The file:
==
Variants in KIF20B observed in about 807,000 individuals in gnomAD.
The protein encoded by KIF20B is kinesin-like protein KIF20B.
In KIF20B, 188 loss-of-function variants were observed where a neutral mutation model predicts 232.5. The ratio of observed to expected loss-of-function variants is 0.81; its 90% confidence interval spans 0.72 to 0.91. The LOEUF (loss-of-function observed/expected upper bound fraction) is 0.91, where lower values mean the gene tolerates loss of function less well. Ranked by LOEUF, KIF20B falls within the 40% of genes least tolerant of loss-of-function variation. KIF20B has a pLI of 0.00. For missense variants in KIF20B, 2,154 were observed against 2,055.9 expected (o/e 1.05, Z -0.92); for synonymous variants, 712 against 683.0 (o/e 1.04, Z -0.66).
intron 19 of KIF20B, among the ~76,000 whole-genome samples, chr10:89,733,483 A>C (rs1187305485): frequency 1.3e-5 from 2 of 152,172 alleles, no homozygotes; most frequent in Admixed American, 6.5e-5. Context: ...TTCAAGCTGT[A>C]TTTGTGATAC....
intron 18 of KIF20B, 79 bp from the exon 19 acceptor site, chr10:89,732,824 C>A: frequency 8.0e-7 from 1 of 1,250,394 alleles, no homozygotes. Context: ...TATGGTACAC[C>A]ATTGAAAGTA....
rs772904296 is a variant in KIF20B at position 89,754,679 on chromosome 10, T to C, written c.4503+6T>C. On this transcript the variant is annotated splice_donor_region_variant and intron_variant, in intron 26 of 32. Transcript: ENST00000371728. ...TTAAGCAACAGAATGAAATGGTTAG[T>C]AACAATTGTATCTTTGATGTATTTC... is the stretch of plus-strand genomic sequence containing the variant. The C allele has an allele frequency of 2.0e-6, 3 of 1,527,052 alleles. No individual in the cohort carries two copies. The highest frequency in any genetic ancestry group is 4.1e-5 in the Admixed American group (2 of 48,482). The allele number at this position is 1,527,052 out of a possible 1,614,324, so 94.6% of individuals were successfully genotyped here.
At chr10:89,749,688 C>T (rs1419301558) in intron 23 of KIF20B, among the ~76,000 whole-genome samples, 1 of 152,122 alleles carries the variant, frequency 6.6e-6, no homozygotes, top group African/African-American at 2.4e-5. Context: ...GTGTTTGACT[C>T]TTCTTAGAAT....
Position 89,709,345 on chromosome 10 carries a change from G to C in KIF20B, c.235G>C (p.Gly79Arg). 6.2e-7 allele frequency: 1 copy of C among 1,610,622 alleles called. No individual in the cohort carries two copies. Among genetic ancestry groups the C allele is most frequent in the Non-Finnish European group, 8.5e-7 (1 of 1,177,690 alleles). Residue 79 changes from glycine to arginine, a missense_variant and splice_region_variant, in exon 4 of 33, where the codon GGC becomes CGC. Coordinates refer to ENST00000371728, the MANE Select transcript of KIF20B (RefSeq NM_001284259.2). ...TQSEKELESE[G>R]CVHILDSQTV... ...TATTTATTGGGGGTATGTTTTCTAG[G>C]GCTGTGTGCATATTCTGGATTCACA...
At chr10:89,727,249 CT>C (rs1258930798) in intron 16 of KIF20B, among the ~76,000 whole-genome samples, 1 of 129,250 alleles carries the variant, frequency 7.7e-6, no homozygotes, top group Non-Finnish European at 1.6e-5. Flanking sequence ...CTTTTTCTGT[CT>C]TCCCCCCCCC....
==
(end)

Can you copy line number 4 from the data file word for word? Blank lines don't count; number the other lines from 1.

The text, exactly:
intron 19 of KIF20B, among the ~76,000 whole-genome samples, chr10:89,733,483 A>C (rs1187305485): frequency 1.3e-5 from 2 of 152,172 alleles, no homozygotes; most frequent in Admixed American, 6.5e-5. Context: ...TTCAAGCTGT[A>C]TTTGTGATAC....